The problem with a campaign based upon social democratic hope for change through the electoral system is its failure to consider what happens when the candidate loses. There were two campaigns in which the main Democratic Party challenger was articulating  working class issues and was defeated. Once the Sanders campaign left town the crowds disappeared and nothing was left behind, no organization built around campaign issues remained. This mistake shouldn’t be repeated in 2024.

Here the left  needs to take a page from the civil rights movement. That movement never obtained results directly through the electoral process. It did not elect a majority to Congress and thus obtain civil rights legislation. It organized a mass movement, changed the climate of opinion toward segregation, and  exerted enough pressure on the political system to force that system to legislate reforms. All of the  political movements of the 1960s followed a similar path — the gay rights movement, the feminist  movement, the anti-war movement, and the environmental movement, with varying degrees of success. Had the enthusiastic participation of hundreds of thousands of volunteers been channeled into some option other than the electoral option of electing Clinton in 2016 or Biden in 2020, a political movement on the same level might have been born.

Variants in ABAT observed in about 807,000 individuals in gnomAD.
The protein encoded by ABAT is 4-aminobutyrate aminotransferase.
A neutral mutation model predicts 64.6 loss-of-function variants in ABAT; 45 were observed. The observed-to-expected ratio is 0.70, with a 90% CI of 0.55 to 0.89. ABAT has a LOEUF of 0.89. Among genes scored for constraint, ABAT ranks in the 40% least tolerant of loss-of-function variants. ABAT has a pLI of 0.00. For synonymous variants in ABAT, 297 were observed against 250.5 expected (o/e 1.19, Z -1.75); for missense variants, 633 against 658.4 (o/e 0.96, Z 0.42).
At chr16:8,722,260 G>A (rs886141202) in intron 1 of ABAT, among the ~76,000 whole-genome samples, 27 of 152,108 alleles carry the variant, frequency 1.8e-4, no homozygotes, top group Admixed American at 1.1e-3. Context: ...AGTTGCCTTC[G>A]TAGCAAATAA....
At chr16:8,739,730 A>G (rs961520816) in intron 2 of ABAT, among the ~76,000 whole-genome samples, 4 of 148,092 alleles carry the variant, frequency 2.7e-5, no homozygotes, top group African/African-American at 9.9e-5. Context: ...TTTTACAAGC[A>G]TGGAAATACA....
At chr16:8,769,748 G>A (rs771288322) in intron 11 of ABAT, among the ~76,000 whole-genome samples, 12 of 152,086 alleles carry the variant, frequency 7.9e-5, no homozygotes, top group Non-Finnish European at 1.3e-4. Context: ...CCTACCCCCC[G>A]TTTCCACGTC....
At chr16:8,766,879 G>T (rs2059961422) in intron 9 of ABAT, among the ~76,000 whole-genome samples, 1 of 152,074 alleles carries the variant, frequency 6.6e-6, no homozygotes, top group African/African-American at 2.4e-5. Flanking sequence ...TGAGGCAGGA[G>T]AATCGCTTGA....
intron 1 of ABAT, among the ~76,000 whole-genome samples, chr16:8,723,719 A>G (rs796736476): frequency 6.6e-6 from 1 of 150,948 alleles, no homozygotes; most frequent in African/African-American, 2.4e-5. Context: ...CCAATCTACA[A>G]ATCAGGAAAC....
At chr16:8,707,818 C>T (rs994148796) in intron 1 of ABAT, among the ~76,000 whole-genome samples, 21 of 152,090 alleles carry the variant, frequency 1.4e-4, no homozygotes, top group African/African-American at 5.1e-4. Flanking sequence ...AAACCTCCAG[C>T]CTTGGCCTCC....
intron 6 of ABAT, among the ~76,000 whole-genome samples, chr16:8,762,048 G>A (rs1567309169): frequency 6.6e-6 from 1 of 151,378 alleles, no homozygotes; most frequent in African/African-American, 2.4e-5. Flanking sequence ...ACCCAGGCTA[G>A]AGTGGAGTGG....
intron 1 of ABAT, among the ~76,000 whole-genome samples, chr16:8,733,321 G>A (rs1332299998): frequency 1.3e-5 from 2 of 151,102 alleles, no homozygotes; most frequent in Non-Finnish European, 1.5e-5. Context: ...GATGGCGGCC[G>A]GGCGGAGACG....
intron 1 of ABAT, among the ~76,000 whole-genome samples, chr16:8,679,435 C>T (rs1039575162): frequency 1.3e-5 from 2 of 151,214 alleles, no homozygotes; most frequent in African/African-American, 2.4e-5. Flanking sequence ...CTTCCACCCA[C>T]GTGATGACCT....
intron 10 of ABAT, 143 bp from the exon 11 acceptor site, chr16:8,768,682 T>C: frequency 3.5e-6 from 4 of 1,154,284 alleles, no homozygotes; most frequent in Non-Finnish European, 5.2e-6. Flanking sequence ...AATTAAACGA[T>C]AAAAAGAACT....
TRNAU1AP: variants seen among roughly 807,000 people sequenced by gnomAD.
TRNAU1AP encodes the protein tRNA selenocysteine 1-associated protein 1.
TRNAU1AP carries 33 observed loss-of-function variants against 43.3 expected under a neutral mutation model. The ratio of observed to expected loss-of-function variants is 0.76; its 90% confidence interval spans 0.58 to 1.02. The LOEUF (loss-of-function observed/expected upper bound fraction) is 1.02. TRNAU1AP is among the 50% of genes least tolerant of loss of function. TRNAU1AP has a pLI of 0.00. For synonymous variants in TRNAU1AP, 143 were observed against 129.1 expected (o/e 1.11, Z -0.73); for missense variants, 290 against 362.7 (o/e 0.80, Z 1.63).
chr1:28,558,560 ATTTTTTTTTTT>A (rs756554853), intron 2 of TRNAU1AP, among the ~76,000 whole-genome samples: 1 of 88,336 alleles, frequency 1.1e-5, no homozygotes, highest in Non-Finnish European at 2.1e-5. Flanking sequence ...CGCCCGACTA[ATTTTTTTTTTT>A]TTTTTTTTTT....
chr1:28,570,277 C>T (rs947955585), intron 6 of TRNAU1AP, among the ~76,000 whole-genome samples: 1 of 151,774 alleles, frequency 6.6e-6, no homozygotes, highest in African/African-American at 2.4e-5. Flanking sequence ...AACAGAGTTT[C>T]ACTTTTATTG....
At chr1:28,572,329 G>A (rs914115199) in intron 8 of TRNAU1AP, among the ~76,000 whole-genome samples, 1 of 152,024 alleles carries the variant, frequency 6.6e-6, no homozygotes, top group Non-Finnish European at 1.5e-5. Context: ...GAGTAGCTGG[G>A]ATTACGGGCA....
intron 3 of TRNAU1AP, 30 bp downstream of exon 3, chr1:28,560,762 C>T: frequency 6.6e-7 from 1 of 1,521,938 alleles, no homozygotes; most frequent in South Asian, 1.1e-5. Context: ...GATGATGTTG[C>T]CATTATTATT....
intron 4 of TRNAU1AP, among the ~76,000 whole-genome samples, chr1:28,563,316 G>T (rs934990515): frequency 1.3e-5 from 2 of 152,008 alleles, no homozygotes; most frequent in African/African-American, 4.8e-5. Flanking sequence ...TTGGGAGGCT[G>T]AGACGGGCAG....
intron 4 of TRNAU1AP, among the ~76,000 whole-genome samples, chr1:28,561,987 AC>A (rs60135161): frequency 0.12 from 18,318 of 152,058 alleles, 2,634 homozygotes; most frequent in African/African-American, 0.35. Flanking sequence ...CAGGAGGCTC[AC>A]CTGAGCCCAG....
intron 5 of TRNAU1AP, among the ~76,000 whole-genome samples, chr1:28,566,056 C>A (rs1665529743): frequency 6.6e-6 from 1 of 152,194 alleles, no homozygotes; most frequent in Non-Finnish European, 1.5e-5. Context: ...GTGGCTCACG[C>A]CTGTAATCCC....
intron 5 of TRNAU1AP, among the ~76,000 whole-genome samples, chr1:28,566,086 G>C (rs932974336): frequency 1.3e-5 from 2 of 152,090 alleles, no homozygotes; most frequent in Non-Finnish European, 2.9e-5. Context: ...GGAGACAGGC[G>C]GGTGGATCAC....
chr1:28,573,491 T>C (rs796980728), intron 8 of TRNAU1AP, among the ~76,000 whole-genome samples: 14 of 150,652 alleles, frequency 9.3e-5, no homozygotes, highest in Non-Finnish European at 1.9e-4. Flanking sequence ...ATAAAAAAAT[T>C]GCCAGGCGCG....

What can be done differently in 2024?

1: Start with the Bernie Issues-don’t reinvent the wheel. Don’t support a candidate that promises to pick up on populist rhetoric. Pick a candidate articulating a set of pro working class issues  that will resonate at the local level and that will actually benefit local workers if realized. 

2: Join an organization that will participate in the campaign independently. Share with and monitor the progress of other similar organizations via a network using  available cloud resources. Work with experienced union organizers and organizations that support  unionizing workers and with workers themselves just trying to understand their situation. Raise consciousness.

3: Establish a policy research committee that will avoid the dead end of getting behind the  wrong issues. Subject each policy to a Marxist analysis. For example, should we advocate for a  minimum wage or a livable wage?